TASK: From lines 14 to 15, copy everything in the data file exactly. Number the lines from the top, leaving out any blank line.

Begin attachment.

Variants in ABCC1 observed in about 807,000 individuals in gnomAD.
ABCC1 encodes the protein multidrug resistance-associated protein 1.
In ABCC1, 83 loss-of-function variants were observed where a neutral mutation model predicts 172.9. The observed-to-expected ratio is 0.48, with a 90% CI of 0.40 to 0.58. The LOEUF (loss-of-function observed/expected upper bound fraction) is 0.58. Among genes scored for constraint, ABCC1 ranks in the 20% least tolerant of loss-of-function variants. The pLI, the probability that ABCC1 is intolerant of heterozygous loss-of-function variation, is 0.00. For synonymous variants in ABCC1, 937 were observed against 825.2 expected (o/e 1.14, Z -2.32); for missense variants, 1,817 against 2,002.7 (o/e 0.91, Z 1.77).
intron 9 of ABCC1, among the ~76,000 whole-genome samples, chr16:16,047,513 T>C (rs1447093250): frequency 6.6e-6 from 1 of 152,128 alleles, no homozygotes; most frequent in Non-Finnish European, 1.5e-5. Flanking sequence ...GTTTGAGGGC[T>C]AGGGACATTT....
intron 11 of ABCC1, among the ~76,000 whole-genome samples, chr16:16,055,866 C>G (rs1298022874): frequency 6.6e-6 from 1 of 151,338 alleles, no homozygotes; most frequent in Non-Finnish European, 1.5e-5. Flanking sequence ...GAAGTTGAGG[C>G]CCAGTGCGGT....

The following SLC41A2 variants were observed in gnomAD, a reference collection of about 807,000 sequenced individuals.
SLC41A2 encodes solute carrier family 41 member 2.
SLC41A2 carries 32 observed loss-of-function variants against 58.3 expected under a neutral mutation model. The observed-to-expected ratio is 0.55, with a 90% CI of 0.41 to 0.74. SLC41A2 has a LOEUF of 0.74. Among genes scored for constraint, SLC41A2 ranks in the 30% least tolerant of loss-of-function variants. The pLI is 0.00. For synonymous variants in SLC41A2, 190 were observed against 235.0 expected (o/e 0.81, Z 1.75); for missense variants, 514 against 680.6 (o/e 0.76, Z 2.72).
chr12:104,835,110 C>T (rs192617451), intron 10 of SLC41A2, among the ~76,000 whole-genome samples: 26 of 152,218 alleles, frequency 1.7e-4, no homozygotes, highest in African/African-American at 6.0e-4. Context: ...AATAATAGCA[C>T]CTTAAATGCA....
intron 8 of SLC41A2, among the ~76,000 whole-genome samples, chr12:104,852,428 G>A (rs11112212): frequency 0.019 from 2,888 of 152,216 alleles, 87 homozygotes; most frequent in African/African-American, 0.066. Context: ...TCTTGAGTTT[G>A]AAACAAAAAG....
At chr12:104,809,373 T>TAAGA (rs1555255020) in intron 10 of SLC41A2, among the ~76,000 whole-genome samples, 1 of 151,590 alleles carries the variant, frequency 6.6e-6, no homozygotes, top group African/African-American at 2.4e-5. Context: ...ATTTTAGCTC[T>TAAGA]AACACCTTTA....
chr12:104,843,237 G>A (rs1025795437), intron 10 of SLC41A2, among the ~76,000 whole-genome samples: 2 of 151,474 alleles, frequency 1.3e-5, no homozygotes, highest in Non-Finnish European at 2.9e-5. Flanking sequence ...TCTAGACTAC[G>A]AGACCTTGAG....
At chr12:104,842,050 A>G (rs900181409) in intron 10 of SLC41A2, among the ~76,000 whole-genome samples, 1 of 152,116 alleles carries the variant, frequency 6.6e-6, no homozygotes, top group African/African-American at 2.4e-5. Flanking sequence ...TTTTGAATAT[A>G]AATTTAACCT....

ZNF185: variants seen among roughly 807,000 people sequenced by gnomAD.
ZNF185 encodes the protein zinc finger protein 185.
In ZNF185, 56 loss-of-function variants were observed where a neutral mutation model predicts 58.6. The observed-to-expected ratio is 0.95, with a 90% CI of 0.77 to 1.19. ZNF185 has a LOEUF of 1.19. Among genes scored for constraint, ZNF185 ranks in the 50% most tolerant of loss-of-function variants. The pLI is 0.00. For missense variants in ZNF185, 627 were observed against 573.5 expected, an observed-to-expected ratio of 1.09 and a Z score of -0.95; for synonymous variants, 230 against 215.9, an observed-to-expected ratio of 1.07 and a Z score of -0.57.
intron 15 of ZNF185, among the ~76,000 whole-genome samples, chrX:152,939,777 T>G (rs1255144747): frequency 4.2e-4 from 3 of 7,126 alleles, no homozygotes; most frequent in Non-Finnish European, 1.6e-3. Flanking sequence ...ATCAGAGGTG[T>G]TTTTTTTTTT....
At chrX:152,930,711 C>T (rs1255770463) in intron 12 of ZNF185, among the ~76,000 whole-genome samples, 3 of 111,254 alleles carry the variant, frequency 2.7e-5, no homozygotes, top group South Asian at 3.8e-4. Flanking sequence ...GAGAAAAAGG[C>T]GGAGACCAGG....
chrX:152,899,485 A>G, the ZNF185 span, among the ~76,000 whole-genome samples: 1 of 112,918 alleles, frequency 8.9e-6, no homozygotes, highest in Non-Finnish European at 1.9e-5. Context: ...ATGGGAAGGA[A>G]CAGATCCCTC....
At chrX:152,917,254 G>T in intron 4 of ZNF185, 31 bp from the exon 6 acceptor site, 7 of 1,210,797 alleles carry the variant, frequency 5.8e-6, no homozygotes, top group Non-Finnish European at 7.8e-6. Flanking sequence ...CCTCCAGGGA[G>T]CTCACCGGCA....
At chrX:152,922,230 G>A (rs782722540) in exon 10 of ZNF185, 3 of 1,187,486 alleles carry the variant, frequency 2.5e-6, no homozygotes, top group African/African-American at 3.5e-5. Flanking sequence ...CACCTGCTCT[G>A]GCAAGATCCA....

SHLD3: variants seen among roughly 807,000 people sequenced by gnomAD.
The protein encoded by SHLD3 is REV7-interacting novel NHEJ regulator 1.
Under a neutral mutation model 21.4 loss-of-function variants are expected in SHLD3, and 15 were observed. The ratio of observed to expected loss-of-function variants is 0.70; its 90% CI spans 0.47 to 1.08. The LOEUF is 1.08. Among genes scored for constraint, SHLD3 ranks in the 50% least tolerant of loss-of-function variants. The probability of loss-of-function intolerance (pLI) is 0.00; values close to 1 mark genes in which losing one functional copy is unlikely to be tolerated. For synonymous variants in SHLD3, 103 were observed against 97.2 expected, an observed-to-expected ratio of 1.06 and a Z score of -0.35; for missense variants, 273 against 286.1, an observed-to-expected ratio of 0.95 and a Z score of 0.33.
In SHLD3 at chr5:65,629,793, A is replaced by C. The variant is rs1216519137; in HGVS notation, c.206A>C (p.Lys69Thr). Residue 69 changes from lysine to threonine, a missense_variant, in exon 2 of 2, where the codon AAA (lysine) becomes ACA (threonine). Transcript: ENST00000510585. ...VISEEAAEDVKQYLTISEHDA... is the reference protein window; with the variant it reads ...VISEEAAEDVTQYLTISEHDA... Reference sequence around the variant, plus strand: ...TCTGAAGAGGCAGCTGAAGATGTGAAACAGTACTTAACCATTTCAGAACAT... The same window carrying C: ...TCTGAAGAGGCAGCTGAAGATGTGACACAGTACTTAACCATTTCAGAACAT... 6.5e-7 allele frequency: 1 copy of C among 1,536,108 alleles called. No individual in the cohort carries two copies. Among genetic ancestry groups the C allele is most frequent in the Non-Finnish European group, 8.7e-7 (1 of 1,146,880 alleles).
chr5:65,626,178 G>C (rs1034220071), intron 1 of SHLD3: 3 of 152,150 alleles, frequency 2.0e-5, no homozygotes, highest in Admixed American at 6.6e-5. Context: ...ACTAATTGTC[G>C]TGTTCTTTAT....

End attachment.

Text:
ZNF185: variants seen among roughly 807,000 people sequenced by gnomAD.
ZNF185 encodes the protein zinc finger protein 185.